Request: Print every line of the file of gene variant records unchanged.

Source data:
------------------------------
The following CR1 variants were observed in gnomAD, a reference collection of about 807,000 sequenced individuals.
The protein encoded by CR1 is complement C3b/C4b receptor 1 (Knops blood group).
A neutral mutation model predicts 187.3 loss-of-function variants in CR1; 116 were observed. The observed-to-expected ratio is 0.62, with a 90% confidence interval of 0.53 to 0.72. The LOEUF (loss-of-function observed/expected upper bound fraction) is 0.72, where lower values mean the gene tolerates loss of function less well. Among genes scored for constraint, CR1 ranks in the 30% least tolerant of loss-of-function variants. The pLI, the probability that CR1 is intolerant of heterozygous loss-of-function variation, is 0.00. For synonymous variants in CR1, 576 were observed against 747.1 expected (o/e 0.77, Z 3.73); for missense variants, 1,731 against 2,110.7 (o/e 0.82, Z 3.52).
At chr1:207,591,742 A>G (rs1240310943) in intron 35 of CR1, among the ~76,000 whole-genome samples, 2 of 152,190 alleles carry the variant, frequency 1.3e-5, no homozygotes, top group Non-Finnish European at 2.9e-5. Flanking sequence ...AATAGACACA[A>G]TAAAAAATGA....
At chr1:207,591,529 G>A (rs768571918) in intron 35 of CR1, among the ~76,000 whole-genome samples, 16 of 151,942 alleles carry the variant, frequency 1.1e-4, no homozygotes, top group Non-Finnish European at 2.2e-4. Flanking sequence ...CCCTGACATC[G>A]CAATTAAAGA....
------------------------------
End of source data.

The following CR1 variants were observed in gnomAD, a reference collection of about 807,000 sequenced individuals.
The protein encoded by CR1 is complement C3b/C4b receptor 1 (Knops blood group).
A neutral mutation model predicts 187.3 loss-of-function variants in CR1; 116 were observed. The observed-to-expected ratio is 0.62, with a 90% confidence interval of 0.53 to 0.72. The LOEUF (loss-of-function observed/expected upper bound fraction) is 0.72, where lower values mean the gene tolerates loss of function less well. Among genes scored for constraint, CR1 ranks in the 30% least tolerant of loss-of-function variants. The pLI, the probability that CR1 is intolerant of heterozygous loss-of-function variation, is 0.00. For synonymous variants in CR1, 576 were observed against 747.1 expected (o/e 0.77, Z 3.73); for missense variants, 1,731 against 2,110.7 (o/e 0.82, Z 3.52).
At chr1:207,591,742 A>G (rs1240310943) in intron 35 of CR1, among the ~76,000 whole-genome samples, 2 of 152,190 alleles carry the variant, frequency 1.3e-5, no homozygotes, top group Non-Finnish European at 2.9e-5. Flanking sequence ...AATAGACACA[A>G]TAAAAAATGA....
At chr1:207,591,529 G>A (rs768571918) in intron 35 of CR1, among the ~76,000 whole-genome samples, 16 of 151,942 alleles carry the variant, frequency 1.1e-4, no homozygotes, top group Non-Finnish European at 2.2e-4. Flanking sequence ...CCCTGACATC[G>A]CAATTAAAGA....